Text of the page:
At any rate, I engaged in many dialogues about this story and I have saved quite a bit over the years. One of my favorite responses was from an Orthodox monk, who among other astute observations wrote

"...I have to say that the very lack of consistent and verifiable information concerning the murder of this Alaskan at the hands of Roman Catholics in California causes me to wonder whether 'Peter' ever existed, or was a mere fabrication created for purposes of ethnic/political polarization or religious polemic. ...There are no relics, no witnesses but one story, the same story told St German, and that was told in a time when communications and media were far more easily available than they were, say, in 2nd-c. Anatolia or 18th-c Hellas, although we have much more evidence for many saints who lived and died, even as martyrs, in those periods...."

I made an offer all along as I discussed and researched Peter the Aleut and I make it today as well: if anyone can come up with one verifiable piece of evidence of the existence of Peter the Aleut and his martyrdom at the hands of Catholics, I will take you out to dinner at the restaurant of your choice. On me, of course!

I don't expect everyone will like what I found out and discovered. So be it.

I think to continue using Peter the Aleut and the "story" behind his alleged martyrdom is an offense against Catholic-Orthodox relations and spreads a slander that is unnecessary. There are enough real issues already, as monk James says quite well.

PS I notice that in a recent address given by Metropolitan Theodosius, he mentioned the saints of the Americas, one by one: missing completely was the name of Peter the Aleut (maybe my internet writings got back to headquarters?).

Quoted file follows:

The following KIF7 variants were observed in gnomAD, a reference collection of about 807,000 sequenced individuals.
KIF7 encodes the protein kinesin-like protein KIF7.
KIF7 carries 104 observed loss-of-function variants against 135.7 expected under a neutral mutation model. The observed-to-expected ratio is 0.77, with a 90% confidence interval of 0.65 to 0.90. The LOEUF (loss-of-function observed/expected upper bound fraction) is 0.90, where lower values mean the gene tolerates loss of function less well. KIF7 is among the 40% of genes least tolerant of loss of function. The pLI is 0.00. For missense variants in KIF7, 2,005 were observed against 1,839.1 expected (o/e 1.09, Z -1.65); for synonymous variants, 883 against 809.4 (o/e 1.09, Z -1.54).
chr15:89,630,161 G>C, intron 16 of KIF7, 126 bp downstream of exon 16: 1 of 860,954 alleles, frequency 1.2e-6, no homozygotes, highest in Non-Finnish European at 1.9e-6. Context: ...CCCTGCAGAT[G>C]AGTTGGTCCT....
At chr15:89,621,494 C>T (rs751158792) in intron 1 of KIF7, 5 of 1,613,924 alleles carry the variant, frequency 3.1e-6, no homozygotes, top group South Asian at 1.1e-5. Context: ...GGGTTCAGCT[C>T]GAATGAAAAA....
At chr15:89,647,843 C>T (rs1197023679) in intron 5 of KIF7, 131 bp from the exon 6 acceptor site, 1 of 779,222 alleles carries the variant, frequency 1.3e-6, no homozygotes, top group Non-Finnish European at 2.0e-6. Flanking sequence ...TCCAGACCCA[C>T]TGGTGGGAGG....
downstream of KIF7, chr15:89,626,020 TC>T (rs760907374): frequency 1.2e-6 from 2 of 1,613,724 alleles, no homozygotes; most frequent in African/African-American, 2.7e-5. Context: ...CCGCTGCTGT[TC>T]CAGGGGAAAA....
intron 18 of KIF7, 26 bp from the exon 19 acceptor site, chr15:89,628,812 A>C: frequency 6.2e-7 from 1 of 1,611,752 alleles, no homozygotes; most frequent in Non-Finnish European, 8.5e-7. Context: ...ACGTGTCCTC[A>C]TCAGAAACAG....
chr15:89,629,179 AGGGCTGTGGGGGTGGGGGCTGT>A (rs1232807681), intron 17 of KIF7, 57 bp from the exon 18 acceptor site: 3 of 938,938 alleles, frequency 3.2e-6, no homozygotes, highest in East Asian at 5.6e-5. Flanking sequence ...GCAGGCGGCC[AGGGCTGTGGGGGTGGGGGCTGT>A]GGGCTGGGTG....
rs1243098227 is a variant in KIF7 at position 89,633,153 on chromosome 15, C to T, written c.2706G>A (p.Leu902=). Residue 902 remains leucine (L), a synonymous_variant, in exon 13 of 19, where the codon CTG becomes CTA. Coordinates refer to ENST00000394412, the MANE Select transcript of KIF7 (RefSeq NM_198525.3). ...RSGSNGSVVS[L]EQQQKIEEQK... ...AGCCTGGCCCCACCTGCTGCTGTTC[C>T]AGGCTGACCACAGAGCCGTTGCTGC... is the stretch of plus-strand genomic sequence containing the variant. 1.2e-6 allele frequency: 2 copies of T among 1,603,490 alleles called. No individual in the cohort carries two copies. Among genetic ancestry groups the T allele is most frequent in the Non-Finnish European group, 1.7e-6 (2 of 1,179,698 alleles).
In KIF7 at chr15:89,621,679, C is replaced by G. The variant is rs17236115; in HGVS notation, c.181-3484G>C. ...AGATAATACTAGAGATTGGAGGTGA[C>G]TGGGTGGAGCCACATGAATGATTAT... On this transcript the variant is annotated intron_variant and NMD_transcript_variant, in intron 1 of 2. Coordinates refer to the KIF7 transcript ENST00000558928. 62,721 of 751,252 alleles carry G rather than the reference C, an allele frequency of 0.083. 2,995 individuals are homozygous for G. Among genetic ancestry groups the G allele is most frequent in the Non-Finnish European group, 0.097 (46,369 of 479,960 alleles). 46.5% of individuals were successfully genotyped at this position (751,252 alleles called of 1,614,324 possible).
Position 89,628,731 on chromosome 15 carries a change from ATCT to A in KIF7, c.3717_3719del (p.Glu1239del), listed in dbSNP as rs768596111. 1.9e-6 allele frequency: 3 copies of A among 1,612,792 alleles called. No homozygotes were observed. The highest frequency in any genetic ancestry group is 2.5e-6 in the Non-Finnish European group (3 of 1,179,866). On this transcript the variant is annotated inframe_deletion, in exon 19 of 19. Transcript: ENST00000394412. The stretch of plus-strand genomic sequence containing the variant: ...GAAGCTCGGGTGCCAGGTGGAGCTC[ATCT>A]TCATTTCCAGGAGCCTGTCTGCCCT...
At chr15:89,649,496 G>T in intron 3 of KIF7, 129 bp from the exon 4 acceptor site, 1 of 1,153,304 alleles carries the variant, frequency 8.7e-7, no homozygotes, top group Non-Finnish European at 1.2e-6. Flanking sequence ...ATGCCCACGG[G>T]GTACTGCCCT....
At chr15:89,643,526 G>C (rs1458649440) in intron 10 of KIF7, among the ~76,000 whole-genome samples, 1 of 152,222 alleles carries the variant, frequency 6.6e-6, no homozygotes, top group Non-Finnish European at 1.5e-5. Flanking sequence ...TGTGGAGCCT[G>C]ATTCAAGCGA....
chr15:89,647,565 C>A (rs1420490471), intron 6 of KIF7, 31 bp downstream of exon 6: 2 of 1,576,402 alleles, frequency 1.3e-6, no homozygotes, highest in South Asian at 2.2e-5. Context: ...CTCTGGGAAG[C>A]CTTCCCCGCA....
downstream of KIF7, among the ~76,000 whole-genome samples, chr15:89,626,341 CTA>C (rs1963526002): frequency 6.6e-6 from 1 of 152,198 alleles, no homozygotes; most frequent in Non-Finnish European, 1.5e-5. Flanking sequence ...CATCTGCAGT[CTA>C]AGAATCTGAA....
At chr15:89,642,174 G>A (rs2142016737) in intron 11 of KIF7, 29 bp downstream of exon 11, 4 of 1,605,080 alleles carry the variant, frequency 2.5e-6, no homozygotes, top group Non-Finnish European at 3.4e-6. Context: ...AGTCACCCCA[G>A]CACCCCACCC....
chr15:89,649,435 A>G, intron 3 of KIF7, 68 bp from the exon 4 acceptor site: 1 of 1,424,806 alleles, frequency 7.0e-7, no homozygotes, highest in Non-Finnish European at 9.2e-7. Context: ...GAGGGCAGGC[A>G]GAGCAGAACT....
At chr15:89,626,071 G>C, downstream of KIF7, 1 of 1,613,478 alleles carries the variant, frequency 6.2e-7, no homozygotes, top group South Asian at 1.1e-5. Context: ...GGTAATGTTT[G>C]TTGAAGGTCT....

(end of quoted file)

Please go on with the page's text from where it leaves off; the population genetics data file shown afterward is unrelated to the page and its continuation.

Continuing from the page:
God bless us all and have mercy on us all!

[ 08-08-2002: Message edited by: Gerard Serafin ]

[ 08-08-2002: Message edited by: Gerard Serafin ]

Re: St. Peter the Aleut #175099 08/08/02 06:56 PM
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Gerard,

Please note that it is against Forum rules to cross post from another list without explicit permission of the original poster.

Thank you,
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Re: St. Peter the Aleut #175100 08/08/02 07:07 PM
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Considering the attiudes of the period, I don't really disbelieve the martyrdom of St Peter the Aleut. The attitude of Spanish Missionaries of the time WAS that any non-Catholic was a schismatic and a heretic and people WERE put to death for such things.
Yes, I would like to see more evidence but it is not unbelievable in itself.
There WAS a great difference between the Orthodox encounter with the various Native populations of Alaska and that of the Spanish Catholic encounter with the Natives of California, Alta and Baja.

Re: St. Peter the Aleut #175101 08/08/02 07:08 PM
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Gerard Serafin Offline
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Please note that it is against Forum rules to cross post from another list without explicit permission of the original poster.

Ooops! Sorry about that. I went back and edited my post and just quoted a few sections which I hope is OK. That post goes back quite a few years now.